« Last Edit: November 01, 2018, 10:39:47 pm by [Buddie] »

A short history of Cornell's drug abuse

Turnbridge

Chris Cornell had long struggled with drug abuse and addiction. He started using around age 12, and by the time he was 13-years-old, he had become a daily drug user – of pot, pills, or whatever was easily accessible at the time. When he was just 14, Chris Cornell had a bad experience with PCP (a dangerous hallucinogen) and wound up with a longer-lasting panic disorder – agoraphobia. For the two years following that experience, Cornell rarely talked to anyone and did not have any friends. He had debilitating flashbacks of his PCP trip and stayed home most of the time. He became depressed.

Though Cornell stayed away from hard drugs for years after that, he drank heavily from adolescence to his late thirties. He was the child of two alcoholics and felt his own drinking problem was nearly inevitable. In a 2006 interview with SPIN magazine, Cornell explained that it was alcohol that eventually led him back to drug abuse:

“I think alcohol is what leads you to everything, because it takes away the fear. The worst drug experimentation I ever did was because I was drunk and didn’t care.” By everything, Chris Cornell primarily meant prescription medications. When things got hard at home, he hit the bottle and took some pills, leading him to an even more severe state of depression and addiction.

Wikipedia

In a 2006 interview, Cornell revealed that at the age of 14, he had a bad PCP experience and suffered from panic disorder and agoraphobia. “I had a bad PCP [angel dust] experience when I was 14 and I got panic disorder. And of course, I wasn’t telling anyone the truth. It’s not like you go to your dad or your doctor and say, ‘Yeah, I smoked PCP and I’m having a bad time.’ So I became more or less agoraphobic because I’d have flashbacks. From 14 to 16, I didn’t have any friends. I stayed home most of the time. Up till then life was pretty great. The world was big and I felt I could do anything I wanted. Suddenly, I felt like I couldn’t do anything. But in the isolation, my imagination really had time to run. I never did any drugs until my late 20s. Unfortunately, being a child of two alcoholics, I started drinking a lot, and that’s what eventually got me back into drugs. You often hear that pot leads to harder drugs. But I think alcohol is what leads you to everything, because it takes away the fear. The worst drug experimentation I ever did was because I was drunk and didn’t care.”

Anti-psychiatry haven Benzo Buddies compares hospitals to prisons, warns members to stay away

Psych and detox facilities
« on: September 01, 2018, 01:53:44 am »

[Buddie]

I am watching Orange is the new black when I can, and cannot shake the feeling that American psych hospitals and (possibly, don’t have any experience with those) detox facilities are way too similar to prisons.

How you cannot leave the facilities, or have much of your personal stuff, phones, even a kindle, how visitation is limited, how you have this ancient wall phone, how you are treated like a child, how your complaints are ignored, how you are stuck with medications they think are best for you and not given what you need (I was refused my asthma inhaler once, despite wheezing!!!), how the food is awful and without much regard to your food sensitivities, how you are forced to the social activities. Some places it’s even physically dangerous, because they mix violent manic patients with detox patients.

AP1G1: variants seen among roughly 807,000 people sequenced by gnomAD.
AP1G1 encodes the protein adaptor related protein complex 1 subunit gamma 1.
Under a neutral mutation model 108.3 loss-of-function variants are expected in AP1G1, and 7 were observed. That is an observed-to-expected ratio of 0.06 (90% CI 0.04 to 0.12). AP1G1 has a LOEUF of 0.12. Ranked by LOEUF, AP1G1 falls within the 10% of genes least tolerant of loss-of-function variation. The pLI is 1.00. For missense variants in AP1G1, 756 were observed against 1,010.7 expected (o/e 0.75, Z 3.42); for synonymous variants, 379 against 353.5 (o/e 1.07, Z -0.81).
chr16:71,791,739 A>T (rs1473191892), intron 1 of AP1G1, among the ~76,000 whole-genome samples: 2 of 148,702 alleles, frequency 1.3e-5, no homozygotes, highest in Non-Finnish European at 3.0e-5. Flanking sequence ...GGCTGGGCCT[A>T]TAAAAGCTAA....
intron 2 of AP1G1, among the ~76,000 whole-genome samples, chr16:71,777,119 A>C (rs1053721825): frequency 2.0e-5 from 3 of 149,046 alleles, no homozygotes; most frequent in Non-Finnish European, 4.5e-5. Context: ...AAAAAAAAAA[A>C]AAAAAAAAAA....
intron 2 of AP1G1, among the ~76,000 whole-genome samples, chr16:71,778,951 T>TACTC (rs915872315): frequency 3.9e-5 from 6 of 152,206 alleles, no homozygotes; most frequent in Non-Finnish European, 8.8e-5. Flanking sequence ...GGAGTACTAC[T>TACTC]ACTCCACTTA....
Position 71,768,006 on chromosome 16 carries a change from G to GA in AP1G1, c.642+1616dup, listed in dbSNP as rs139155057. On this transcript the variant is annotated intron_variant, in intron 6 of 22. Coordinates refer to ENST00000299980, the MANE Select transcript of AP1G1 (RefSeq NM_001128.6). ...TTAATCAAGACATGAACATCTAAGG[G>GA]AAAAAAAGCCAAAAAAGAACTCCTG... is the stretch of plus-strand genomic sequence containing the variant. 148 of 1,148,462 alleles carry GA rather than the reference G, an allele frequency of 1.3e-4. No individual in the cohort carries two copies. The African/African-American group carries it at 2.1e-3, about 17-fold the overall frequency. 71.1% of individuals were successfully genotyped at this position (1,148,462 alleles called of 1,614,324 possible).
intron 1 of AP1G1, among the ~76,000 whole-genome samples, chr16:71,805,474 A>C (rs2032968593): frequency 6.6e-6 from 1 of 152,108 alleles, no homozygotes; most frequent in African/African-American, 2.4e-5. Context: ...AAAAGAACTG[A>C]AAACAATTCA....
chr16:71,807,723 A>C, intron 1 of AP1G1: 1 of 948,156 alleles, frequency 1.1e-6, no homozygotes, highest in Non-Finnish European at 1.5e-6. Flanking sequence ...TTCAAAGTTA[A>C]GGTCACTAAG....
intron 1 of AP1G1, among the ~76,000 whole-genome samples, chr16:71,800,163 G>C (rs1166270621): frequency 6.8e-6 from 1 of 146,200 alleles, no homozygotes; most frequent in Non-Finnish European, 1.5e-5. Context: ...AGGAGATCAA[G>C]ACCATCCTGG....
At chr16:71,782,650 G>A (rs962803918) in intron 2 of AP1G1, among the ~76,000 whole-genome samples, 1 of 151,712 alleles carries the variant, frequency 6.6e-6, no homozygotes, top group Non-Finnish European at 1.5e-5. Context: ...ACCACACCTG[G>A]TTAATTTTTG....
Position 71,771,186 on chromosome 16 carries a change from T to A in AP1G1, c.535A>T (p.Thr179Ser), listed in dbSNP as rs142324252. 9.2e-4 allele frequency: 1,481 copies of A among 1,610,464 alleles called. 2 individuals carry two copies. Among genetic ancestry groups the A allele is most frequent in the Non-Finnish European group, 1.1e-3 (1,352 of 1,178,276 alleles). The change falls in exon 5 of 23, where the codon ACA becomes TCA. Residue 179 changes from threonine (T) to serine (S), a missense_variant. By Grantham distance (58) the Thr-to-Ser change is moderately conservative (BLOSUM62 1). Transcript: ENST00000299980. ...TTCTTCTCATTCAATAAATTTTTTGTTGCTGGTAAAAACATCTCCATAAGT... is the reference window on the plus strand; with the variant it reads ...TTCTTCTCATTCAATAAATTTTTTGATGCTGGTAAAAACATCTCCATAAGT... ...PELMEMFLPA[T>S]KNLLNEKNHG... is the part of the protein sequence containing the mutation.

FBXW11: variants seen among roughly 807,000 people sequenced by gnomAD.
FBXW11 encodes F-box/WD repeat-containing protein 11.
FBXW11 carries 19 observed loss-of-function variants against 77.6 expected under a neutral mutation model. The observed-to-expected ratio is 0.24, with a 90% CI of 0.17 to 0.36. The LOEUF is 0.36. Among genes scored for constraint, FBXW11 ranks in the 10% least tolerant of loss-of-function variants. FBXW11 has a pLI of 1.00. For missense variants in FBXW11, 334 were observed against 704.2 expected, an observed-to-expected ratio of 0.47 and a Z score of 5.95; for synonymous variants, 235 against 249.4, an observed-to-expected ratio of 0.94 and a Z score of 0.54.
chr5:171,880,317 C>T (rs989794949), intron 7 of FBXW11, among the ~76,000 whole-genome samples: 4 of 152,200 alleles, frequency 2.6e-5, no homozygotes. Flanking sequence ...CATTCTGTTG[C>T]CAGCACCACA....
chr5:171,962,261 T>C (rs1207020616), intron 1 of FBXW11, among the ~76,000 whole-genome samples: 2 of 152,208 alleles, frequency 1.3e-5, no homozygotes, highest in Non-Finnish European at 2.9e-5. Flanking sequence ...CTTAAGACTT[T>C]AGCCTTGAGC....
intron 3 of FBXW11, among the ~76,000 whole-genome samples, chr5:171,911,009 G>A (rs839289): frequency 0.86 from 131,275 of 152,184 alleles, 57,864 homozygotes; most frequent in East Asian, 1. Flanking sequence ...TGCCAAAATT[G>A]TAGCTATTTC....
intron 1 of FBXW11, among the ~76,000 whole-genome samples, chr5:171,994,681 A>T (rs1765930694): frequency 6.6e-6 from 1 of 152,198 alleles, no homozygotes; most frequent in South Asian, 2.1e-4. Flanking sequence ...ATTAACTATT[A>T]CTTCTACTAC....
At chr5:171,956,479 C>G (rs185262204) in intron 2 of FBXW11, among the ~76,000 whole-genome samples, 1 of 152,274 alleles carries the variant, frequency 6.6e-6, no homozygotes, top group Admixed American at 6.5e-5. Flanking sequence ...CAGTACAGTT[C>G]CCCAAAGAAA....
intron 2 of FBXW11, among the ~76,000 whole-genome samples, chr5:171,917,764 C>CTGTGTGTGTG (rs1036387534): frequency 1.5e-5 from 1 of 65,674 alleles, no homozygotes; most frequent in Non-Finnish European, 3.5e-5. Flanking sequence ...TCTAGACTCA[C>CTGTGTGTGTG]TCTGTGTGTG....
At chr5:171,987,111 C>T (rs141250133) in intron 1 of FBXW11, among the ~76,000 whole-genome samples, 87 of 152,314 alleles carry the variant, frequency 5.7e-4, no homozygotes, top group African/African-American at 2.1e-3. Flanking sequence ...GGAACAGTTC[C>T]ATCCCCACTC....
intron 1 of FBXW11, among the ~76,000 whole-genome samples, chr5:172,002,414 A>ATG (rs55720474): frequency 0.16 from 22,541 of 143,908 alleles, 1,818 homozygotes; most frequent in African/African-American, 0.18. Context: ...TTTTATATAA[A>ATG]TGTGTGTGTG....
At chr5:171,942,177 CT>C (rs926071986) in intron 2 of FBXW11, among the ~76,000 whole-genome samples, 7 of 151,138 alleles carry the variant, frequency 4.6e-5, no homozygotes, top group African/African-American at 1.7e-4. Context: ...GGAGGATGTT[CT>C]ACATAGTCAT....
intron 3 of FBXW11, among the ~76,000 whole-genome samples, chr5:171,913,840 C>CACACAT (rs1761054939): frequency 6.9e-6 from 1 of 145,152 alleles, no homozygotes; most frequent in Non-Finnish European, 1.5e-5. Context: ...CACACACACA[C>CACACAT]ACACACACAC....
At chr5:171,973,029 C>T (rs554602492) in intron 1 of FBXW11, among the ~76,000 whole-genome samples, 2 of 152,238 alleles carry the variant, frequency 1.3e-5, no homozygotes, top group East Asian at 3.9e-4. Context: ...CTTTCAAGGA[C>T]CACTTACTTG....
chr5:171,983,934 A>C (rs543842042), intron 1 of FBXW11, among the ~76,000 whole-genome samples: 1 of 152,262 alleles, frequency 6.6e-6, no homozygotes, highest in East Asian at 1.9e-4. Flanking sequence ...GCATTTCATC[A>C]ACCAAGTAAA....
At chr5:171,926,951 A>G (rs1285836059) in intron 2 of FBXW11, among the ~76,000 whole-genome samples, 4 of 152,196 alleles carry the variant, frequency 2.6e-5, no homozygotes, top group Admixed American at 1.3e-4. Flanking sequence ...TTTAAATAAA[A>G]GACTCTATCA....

Re: Psych and detox facilities
« Reply #1 on: September 01, 2018, 02:49:37 am »

[Buddie]

Hi,

Although I’ve never been in a mental hospital, I have been to a voluntary hospital detox, sent there by a well meaning but clueless doctor to get off xanax. It was only 4 days, but it was awful. I don’t recommend this to anyone. Far from being an “easy” way to get off benzos, as some seem to think, it’s literally going from the frying pan into the fire for most of us who’ve experienced it:

Nine years ago, I went to a major Seattle hospital for “detox” where the doctor was supposed to be a “benzo expert.” He wasn’t, and I only saw him for a few minutes the whole time. All they did was cold turkey me off a high dose of xanax, feed me, and monitor my blood pressure for 4 days. I was the only benzo person on a floor full of alcoholics, and there was NO follow up treatment or counseling. Price: $16,000 (2009). Afterwards, I had hellish relentless symptoms that never stopped. These were so bad that I reinstated 4 months later, only to taper off a few years later. I’d kindled by then, and it 2.5 years for me to heal.

One thing, and I say this from my own experience. It might be better to limit watching tv shows or movies that disturb you. We tend to be extremely emotional and suggestible during withdrawal, and it’s often best to limit our exposure to such upsetting things. That’s what I did, and it helped. I focused on positive distractions like classic movies, audible books, spirituality, art, crafts, and short trips and walks out of the house. Anything that took my mind of my suffering for a little while,

:smitten:

Re: Psych and detox facilities
« Reply #2 on: September 01, 2018, 03:35:09 am »

[Buddie]

Oh my gosh, your detox experience sounds horrible!

I’ve had that too, though, at regular hospitals: monitor blood pressure for several hours, and charge a thousand or two for it.

I’ve been bed ridden for 10 months, so I’ve watched all the feel good shows already. If you can recommend anything particular, that’d be great!

Re: Psych and detox facilities
« Reply #3 on: September 17, 2018, 05:30:52 am »

[Buddie]

In my opinion….Detox centers are a waste of time and money. I could of done the same CT to me at home and had more money in my pocket. The pain and suffering would of been the same. The aftermath of what you experience when you leave a detox center is horrific. Your in a lot of pain searching for answers. I highly advise against it.

Re: Psych and detox facilities
« Reply #4 on: September 17, 2018, 06:43:34 am »

[Buddie]

Yes. I wish doctors were not leaving their patients hanging and cutting them off, thereby forcing these dangerous detox situations. The revival of the market for the benzos had already happened in a big way in the last 10-15 years, and there is no backing out of it just like that, right now. What was prescribed needs to be carefully and slowly de-prescribed.